Introduction to the Hit Count® Guidebook
For young people, participation in sports and recreational activities is an important part of physical, mental, and social development. While these endeavors are meant to promote health, sports carry an inherent risk of njury. Without the proper rules, training, equipment, or supervision, sports can put the health and well-being of young people at unnecessary risk.
Evidence is growing that the short and long-term health risks associated with brain trauma in sports are more serious than previously known. While concussions have been the primary focus of the medical community, the media, and the sports world, it appears they are only part of the problem. A growing number of studies show the risk of short-term and long-term brain damage, and neurodegenerative disease may be more closely related to an athlete’s cumulative brain trauma over their lifetime. This brain trauma includes both concussions and subconcussive impacts, which are rapid movements of the head that don’t cause any concussion symptoms.
Studies are now finding that some athletes who have received subconcussive impacts, but have never shown any concussion symptoms, still have abnormal findings on certain tests of brain structure and function. It is not yet clear if these results were caused by too many impacts in a day, a season, a year, and even a lifetime, but one thing is clear:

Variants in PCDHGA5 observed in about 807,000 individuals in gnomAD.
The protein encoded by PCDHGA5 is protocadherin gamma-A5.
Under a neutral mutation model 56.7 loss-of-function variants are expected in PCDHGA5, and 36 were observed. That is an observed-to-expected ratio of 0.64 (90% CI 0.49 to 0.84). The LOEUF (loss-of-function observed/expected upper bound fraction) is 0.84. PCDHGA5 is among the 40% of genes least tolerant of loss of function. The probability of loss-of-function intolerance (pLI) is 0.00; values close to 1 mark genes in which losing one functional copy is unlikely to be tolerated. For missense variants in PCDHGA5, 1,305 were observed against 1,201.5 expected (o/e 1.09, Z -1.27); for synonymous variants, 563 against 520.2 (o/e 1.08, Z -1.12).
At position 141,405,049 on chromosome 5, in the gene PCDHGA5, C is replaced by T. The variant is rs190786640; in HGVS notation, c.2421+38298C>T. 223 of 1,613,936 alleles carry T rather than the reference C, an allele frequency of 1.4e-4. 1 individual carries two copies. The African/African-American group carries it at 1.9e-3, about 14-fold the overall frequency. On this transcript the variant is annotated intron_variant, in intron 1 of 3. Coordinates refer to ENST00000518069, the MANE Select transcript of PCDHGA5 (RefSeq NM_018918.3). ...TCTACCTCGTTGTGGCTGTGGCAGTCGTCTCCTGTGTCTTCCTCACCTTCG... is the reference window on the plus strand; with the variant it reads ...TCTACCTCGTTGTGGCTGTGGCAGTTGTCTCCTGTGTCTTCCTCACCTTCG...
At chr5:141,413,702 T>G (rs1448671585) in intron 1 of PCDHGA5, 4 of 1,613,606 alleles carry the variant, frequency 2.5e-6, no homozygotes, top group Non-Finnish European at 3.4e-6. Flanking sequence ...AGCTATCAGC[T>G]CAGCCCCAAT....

No brain trauma is good brain trauma
The Hit Count® program is designed to allow parents, coaches, athletes, administrators, medical professionals, and researchers to directly measure brain trauma exposure in real time by counting the number of times an athlete receives significant brain trauma – their Hit Count®.
New technology has given way to innovative, low-cost products that allow head acceleration to be accurately measured. Many companies have developed sensors small enough to be embedded in or on helmets, mouth guards, beanies, chinstraps, and headbands. These products provide a tremendous opportunity to record data that will allow us to monitor athletes and help them play smarter and safer.
For more information about Hit Count®, please download the complete Hit Count® Guidebook